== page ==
WASHINGTON -- U.S. companies added the fewest jobs in nine years, a private survey found, as manufacturers, construction and mining companies cut workers. U.S. service industries expanded at the best pace since February.
Payroll processor ADP said Wednesday that businesses added just 27,000 jobs in May, the fewest since March 2010. Jobs in construction fell 36,000 and in manufacturing by 3,000.
The figures come just after ADP reported strong hiring in April, when companies added 271,000 jobs, the most in nine months. Mark Zandi, chief economist at Moody's Analytics, which helps compile the data, said the broader hiring trend is probably closer to the average of the two month's gains, at around 150,000.
That is down from last year's average monthly gains of about 225,000.
"The economy's growth rate has slowed sharply from last year," Zandi said. "That is now starting to show up in the job market."
Growth could slow to as low as 1.5% at an annual rate in the April-June quarter, down from a nearly 3% pace last year. A weaker global economy and fading stimulus from the 2017 tax cuts is dragging on the U.S. economy. The tariffs on Chinese imports also may be causing companies to delay their spending on large equipment and machinery.
Small businesses, those companies with fewer than 50 employees, lost 52,000 jobs last month, while midsize firms added 11,000 and large companies -- those with 500 or more -- gained 68,000.
Small companies have struggled to add workers as the number of unemployed has dwindled. Larger companies typically are able to offer higher pay and more benefits and are better able to hire in a tight job market.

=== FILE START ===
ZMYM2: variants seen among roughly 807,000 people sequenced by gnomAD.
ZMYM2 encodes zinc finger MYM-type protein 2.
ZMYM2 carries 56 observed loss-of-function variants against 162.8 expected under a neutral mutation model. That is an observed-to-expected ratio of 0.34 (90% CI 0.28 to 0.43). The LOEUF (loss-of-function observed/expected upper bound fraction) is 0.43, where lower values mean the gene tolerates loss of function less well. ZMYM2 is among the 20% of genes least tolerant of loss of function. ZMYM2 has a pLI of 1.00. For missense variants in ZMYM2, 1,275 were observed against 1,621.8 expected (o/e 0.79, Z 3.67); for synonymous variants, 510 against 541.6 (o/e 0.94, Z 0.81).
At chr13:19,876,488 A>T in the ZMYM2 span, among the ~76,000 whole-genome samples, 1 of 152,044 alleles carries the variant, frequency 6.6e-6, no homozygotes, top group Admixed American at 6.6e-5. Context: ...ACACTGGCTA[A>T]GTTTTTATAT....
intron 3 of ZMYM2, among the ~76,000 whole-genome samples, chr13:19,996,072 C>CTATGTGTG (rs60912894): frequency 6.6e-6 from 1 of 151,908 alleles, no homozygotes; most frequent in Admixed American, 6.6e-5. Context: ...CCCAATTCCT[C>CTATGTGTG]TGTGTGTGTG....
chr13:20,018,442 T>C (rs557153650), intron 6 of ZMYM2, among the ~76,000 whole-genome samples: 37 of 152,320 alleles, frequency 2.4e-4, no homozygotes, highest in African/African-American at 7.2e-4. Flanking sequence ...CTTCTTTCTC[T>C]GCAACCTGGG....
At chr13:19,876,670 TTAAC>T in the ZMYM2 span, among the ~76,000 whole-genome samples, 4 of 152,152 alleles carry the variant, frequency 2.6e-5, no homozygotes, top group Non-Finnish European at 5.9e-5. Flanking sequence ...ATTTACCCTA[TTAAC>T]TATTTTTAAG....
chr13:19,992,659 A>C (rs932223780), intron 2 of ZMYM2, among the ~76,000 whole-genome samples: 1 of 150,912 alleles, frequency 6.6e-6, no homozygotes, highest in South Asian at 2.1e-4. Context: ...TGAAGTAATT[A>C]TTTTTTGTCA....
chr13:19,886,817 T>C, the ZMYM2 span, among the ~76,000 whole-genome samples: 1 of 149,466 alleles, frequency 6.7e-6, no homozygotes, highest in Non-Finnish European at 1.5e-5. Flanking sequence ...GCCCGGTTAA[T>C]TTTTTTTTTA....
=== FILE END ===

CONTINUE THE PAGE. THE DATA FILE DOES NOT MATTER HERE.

The ADP figures don't include government hiring and frequently diverge from the government's official report, which is scheduled to be released Friday. Economists expect that report will show job gains of 185,000, while the unemployment rate remains at a nearly 50-year low of 3.6%.
For the service industries category, the nonmanufacturing index rose to 56.9 in May, according to an Institute for Supply Management survey Wednesday that topped almost all economist estimates in Bloomberg's survey. Three of four components advanced, led by the employment gauge rising the most in two years. New orders and business activity also improved, as 16 of 18 industries reported growth.
The fresh signs of strength come after two months of weaker readings on service industries that account for about 90% of the economy. The gain contrasts with a string of softer reports on retail sales, factory orders and home purchases, which along with intensifying trade tensions have spurred investors to bet the Federal Reserve will cut interest rates this year to shore up growth.
The institute's gauge of supplier deliveries fell below 50 for the first time since 2015, indicating businesses are facing fewer supply-chain bottlenecks. Order backlogs also declined to a four-month low.
The imports index slid the most in nearly four years as export orders cooled, signs of continued fallout from an intensifying trade war with China that's adding to uncertainty for companies. The inventories measure advanced, suggesting a buildup as companies strove to avoid tariffs, and respondents said they felt the levels were too high.
"Respondents are mostly optimistic about overall business conditions, but concerns remain about tariffs and employment resources," Anthony Nieves, chairman of the nonmanufacturing survey, said in a statement. "The non-manufacturing sector continues to experience a slight uptick in business activity, but it is still leveling off overall."
The prices-paid index edged down to 55.4, signaling softer inflation pressures.
The gauge of business activity rose to 61.2, new orders increased to 58.6, and supplier deliveries dipped to 49.5.
Information for this article was contributed by Christopher Rugaber of The Associated Press and by Katia Dmitrieva of Bloomberg News.
Business on 06/06/2019
Print Headline: May's new hirings least in 9 years